Comparing Therapies for Binge Eating

Binge eating disorder symptoms were improved with cognitive behavioral therapy

/ Author:  / Reviewed by: Robert Carlson, M.D

(RxWiki News) We all over-eat from time to time, but people with Binge-eating disorder (BED) do it so often that it can get in the way of daily life. A new study compared therapy and medication for BED.

The study compared people taking an antidepressant, people doing talk therapy, and people getting both. They found that people who had the therapy showed lasting improvement in their symptoms.

Taking the medication did not have any added benefit.

"Tell your doctor if your eating feels out of control."

BED is more than just occasional overeating. People with BED feel out of control when they overeat. They may hide their binges and feel ashamed.

Left untreated it can lead to depression and obesity, which both have other related health problems.

Carlos M. Grilo, PhD, director of the Eating Disorders and Obesity Research Program at the Yale University School of Medicine, and colleagues looked at three treatment options for people with BED.

A total of 81 people with BED who were overweight were in the study.

People in the study had one of three therapy strategies. Some took Prozac (fluoxetine) an antidepressant. Others took Prozac and participated in Cognitive-Behavioral Therapy (CBT), and the rest had CBT and a placebo pill (or sugar pill).

CBT is a form of talk therapy that focuses on noticing negative thinking and learning to change it. Changing the thought processes to help people deal with stressful situations better.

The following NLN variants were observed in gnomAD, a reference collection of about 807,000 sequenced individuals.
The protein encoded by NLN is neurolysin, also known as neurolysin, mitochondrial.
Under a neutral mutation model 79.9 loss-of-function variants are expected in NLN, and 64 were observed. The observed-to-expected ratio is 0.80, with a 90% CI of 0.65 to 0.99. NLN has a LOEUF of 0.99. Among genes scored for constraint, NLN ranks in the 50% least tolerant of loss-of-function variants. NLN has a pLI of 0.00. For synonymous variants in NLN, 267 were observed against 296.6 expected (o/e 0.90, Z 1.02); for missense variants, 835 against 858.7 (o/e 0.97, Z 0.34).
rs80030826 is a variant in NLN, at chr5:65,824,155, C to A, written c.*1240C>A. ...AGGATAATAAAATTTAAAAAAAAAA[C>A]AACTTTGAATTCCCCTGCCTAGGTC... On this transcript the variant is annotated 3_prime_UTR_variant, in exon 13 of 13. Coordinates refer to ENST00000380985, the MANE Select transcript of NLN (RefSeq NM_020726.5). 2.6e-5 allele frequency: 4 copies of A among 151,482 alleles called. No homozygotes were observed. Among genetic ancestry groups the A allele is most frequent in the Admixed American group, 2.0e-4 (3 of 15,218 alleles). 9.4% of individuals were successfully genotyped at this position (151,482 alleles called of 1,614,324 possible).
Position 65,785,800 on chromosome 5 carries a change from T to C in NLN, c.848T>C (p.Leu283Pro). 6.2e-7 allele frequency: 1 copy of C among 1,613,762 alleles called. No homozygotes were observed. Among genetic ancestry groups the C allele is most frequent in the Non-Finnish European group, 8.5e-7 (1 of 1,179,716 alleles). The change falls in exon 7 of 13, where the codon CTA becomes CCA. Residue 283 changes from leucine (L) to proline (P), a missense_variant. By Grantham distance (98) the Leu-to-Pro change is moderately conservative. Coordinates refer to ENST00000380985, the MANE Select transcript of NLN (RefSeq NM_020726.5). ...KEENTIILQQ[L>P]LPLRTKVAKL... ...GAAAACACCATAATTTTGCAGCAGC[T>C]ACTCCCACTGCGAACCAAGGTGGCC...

Antidepressants are sometimes useful for people with eating disorders because they can help with some symptoms.

After the participants in the study finished treatment, the researchers followed-up with them six months and one year later.

After one year, more people getting CBT were in remission – meaning their symptoms had mostly gone away. Only 3.7 percent of people just taking Prozac were in remission. 

Rates of remission were similar for both groups of people getting CBT. About 27 percent of people who took Prozac and did CBT were in remission. About 38 percent of people who did CBT and took the placebo were in remission after one year.

While symptoms were improved for all people getting CBT, it did not improve weight loss.

The authors concluded that CBT is effective for helping symptoms of BED, and the effects last at least one year.

The antidepressant, Prozac, was not effective for most people on its own and it did not enhance the effects of CBT.

This study was published September 17 in the Journal of Consulting and Clinical Psychology. Funding information and conflicts of interest were not available.

Reviewed by: 
Review Date: 
September 25, 2012
Last Updated:
September 30, 2012